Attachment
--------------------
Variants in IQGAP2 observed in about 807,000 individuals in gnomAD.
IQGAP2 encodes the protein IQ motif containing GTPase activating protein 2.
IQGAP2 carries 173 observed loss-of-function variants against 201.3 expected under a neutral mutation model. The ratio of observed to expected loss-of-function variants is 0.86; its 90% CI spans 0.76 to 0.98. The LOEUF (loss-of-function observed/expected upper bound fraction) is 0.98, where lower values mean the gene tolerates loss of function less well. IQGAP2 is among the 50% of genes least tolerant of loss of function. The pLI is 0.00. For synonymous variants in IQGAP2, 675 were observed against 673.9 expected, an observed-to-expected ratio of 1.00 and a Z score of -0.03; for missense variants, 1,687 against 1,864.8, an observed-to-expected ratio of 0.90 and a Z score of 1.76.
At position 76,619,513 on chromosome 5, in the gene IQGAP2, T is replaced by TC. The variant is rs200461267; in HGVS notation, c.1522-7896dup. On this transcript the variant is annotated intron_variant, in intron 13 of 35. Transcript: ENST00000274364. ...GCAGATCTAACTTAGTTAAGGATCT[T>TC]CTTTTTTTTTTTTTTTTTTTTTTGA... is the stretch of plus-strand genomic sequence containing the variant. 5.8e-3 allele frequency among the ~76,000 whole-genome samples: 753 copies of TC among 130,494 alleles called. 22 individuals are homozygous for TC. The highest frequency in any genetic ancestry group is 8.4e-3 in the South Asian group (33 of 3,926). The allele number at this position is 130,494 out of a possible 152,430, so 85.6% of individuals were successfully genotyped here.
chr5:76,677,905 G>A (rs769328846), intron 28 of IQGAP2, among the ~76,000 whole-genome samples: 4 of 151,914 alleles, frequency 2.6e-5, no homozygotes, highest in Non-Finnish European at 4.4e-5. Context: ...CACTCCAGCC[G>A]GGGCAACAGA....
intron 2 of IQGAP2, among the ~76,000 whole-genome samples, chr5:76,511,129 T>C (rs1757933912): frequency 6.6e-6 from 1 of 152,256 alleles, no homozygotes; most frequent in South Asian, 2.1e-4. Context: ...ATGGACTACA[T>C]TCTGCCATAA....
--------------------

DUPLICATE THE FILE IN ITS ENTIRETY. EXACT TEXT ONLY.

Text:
Variants in IQGAP2 observed in about 807,000 individuals in gnomAD.
IQGAP2 encodes the protein IQ motif containing GTPase activating protein 2.
IQGAP2 carries 173 observed loss-of-function variants against 201.3 expected under a neutral mutation model. The ratio of observed to expected loss-of-function variants is 0.86; its 90% CI spans 0.76 to 0.98. The LOEUF (loss-of-function observed/expected upper bound fraction) is 0.98, where lower values mean the gene tolerates loss of function less well. IQGAP2 is among the 50% of genes least tolerant of loss of function. The pLI is 0.00. For synonymous variants in IQGAP2, 675 were observed against 673.9 expected, an observed-to-expected ratio of 1.00 and a Z score of -0.03; for missense variants, 1,687 against 1,864.8, an observed-to-expected ratio of 0.90 and a Z score of 1.76.
At position 76,619,513 on chromosome 5, in the gene IQGAP2, T is replaced by TC. The variant is rs200461267; in HGVS notation, c.1522-7896dup. On this transcript the variant is annotated intron_variant, in intron 13 of 35. Transcript: ENST00000274364. ...GCAGATCTAACTTAGTTAAGGATCT[T>TC]CTTTTTTTTTTTTTTTTTTTTTTGA... is the stretch of plus-strand genomic sequence containing the variant. 5.8e-3 allele frequency among the ~76,000 whole-genome samples: 753 copies of TC among 130,494 alleles called. 22 individuals are homozygous for TC. The highest frequency in any genetic ancestry group is 8.4e-3 in the South Asian group (33 of 3,926). The allele number at this position is 130,494 out of a possible 152,430, so 85.6% of individuals were successfully genotyped here.
chr5:76,677,905 G>A (rs769328846), intron 28 of IQGAP2, among the ~76,000 whole-genome samples: 4 of 151,914 alleles, frequency 2.6e-5, no homozygotes, highest in Non-Finnish European at 4.4e-5. Context: ...CACTCCAGCC[G>A]GGGCAACAGA....
intron 2 of IQGAP2, among the ~76,000 whole-genome samples, chr5:76,511,129 T>C (rs1757933912): frequency 6.6e-6 from 1 of 152,256 alleles, no homozygotes; most frequent in South Asian, 2.1e-4. Context: ...ATGGACTACA[T>C]TCTGCCATAA....